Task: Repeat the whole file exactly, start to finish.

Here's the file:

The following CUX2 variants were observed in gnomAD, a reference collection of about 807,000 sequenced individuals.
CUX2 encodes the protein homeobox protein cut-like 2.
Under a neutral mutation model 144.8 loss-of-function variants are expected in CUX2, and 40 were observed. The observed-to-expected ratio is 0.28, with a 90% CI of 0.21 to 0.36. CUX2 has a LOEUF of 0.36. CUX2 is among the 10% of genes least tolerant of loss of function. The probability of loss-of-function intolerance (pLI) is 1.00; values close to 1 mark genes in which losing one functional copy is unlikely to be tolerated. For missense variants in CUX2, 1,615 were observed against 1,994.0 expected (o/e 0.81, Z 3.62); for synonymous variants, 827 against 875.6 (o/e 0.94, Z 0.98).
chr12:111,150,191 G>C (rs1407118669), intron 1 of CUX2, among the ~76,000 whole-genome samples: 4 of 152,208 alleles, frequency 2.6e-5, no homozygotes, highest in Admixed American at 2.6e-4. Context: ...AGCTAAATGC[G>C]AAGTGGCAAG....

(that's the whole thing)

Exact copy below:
The following CUX2 variants were observed in gnomAD, a reference collection of about 807,000 sequenced individuals.
CUX2 encodes the protein homeobox protein cut-like 2.
Under a neutral mutation model 144.8 loss-of-function variants are expected in CUX2, and 40 were observed. The observed-to-expected ratio is 0.28, with a 90% CI of 0.21 to 0.36. CUX2 has a LOEUF of 0.36. CUX2 is among the 10% of genes least tolerant of loss of function. The probability of loss-of-function intolerance (pLI) is 1.00; values close to 1 mark genes in which losing one functional copy is unlikely to be tolerated. For missense variants in CUX2, 1,615 were observed against 1,994.0 expected (o/e 0.81, Z 3.62); for synonymous variants, 827 against 875.6 (o/e 0.94, Z 0.98).
chr12:111,150,191 G>C (rs1407118669), intron 1 of CUX2, among the ~76,000 whole-genome samples: 4 of 152,208 alleles, frequency 2.6e-5, no homozygotes, highest in Admixed American at 2.6e-4. Context: ...AGCTAAATGC[G>C]AAGTGGCAAG....